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How can we count the number of objects created per class using Java1.5 API?

 
Jalli Venkat
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Hi,
How can we count the number of objects created for a class using Java1.5 API..?
Is there any such API available...?
If not means , what is the solution for this....?

 
Paul Clapham
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fred rosenberger
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Note that while this will tell you how many have been CREATED, that does not tell you how many are currently ALIVE. You could easily write a for loop that creates 100 objects and immediately discards the reference, making them all eligible for garbage collection. And you have no way to know when that may happen.
 
Campbell Ritchie
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The whole idea of using a high-level language is to avoid having to bother about such questions.
 
Sidharth Pallai
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How to judge which objects are eligible for garbage collection. This code extract has been taken from Johnathan Giles java note. The explantion given by him is confusing me. Here it is ....
Even when e3 and e2 are set to be null, it is
not possible to do any garbage collection,
even though it feels like it should be possible
to garbage collect e2.
This is because e2 is still accessible from e1,
indirectly. E1.e refers to the original e3, and
e3.e still refers to the original e2.
Therefore, no garbage collection is possible
until all three objects are set to null, and they
}
}
become an island of references ready for GC.
 
Campbell Ritchie
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That is a question unrelated to the original thread. Please post that as a new thread; asking unrelated questions is called hi-jacking and can deprive the original poster of contact with their thread.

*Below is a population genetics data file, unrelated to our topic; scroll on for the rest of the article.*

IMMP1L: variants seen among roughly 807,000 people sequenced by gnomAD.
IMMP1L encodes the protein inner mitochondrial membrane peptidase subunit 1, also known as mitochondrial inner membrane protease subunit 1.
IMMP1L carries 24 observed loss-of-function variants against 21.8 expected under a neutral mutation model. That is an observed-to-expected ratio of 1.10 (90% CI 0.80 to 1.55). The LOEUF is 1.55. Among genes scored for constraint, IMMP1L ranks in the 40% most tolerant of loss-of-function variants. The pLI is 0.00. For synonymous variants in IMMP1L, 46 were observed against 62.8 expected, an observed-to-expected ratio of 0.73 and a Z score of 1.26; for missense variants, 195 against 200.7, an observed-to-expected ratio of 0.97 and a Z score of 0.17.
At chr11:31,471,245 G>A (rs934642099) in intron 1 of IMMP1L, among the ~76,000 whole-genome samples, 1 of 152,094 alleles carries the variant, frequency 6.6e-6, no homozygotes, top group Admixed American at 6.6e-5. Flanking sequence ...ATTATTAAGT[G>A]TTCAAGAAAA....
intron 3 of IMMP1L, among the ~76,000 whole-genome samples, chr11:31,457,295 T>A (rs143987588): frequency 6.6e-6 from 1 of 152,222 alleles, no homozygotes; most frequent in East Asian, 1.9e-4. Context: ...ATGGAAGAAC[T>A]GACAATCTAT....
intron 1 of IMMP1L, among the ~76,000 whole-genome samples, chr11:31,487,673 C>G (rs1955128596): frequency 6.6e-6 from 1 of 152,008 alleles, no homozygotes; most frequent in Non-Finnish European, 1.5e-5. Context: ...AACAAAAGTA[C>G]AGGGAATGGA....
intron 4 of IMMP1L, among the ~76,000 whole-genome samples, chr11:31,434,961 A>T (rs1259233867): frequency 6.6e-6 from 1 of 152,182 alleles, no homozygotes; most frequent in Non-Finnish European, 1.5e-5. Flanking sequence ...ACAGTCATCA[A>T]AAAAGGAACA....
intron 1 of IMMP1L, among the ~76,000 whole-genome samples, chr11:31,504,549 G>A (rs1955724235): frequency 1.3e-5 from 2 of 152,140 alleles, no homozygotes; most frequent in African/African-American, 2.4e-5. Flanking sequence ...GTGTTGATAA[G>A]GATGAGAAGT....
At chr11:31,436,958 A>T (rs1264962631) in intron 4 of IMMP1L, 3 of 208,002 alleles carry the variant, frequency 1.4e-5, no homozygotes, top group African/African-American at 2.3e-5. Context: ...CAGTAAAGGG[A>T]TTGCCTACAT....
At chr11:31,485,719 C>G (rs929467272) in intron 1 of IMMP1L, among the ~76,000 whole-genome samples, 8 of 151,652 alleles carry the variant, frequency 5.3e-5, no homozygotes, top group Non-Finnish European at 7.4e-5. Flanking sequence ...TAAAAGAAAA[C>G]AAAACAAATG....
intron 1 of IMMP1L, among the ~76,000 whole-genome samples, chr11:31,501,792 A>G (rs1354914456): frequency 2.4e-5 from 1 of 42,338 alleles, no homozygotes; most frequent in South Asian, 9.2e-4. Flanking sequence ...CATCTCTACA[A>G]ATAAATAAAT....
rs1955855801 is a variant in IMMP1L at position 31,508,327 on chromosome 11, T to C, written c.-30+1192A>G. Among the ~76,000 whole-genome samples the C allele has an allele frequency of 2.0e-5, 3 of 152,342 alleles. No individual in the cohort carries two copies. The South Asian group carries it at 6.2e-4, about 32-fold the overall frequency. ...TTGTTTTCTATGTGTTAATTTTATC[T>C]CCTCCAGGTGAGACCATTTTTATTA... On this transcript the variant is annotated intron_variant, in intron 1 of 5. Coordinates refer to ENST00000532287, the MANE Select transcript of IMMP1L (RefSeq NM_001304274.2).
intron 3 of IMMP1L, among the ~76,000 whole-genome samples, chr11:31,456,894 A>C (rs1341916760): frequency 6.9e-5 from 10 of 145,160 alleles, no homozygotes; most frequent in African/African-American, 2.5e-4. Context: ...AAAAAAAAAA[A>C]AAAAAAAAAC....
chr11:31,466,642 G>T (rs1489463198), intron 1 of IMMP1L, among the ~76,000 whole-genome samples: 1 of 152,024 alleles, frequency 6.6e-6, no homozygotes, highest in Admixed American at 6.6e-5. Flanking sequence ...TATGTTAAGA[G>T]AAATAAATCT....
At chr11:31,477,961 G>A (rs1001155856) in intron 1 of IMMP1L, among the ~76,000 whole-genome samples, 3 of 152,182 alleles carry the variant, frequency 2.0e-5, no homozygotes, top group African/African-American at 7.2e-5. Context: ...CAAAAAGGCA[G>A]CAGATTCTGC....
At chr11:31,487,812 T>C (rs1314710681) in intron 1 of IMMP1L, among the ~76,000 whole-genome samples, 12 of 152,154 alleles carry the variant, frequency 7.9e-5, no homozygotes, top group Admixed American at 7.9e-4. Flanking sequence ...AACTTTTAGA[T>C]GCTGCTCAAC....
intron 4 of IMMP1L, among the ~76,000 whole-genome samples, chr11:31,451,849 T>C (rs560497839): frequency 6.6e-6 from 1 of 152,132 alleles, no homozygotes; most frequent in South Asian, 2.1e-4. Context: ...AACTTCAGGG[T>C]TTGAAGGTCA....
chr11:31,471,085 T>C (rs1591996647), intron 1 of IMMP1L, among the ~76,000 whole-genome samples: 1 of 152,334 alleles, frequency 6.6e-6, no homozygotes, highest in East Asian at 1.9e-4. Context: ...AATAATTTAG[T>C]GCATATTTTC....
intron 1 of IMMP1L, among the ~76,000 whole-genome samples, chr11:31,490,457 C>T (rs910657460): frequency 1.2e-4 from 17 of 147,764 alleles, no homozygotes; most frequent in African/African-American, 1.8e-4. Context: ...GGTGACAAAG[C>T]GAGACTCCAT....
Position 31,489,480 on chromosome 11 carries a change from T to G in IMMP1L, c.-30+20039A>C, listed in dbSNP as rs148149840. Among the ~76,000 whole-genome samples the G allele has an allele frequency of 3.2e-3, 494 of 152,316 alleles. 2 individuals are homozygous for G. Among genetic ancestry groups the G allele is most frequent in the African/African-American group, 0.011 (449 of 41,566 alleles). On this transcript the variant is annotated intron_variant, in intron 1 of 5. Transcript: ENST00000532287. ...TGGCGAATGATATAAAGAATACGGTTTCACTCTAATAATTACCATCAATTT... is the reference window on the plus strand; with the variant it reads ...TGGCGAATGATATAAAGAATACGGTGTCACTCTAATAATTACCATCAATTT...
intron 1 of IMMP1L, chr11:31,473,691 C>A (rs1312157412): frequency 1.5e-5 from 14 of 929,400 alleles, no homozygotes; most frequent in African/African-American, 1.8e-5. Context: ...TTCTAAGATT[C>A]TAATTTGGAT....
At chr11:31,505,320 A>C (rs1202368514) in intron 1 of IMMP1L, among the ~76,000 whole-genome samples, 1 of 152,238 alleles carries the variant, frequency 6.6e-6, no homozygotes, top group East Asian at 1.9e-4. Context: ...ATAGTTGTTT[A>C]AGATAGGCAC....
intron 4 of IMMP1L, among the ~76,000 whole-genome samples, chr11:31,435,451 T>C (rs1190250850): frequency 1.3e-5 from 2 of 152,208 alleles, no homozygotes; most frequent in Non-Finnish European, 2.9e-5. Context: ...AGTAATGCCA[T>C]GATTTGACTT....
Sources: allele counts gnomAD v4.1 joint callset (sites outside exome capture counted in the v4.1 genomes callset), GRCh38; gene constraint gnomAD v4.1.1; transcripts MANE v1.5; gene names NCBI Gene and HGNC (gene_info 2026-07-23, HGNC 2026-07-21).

salvin francis
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I agree with campbell on this:

Campbell Ritchie wrote:The whole idea of using a high-level language is to avoid having to bother about such questions.



However if you do want such functionality .....
I suggest you use a static variable that is incremented over every Object creation.
 
Janeice DelVecchio
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I just had a question about this in my class. I think the cleanest answer is:



My $0.02,
Janeice
 
Embla Tingeling
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Janeice DelVecchio wrote:I just had a question about this in my class. I think the cleanest answer is:


Is it thread safe?
 
Janeice DelVecchio
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I know what thread safe means, but I don't know how to tell if something IS thread safe.............
 
Campbell Ritchie
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Java Concurrency in Action, Janeice, by Brian Goetz and several other people. It's reviewed on our book reviews pages.
 
Campbell Ritchie
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And I think you have the ++ operator in the wrong place, Janeice. And surely the second line belongs inside a constructor??
 
Janeice DelVecchio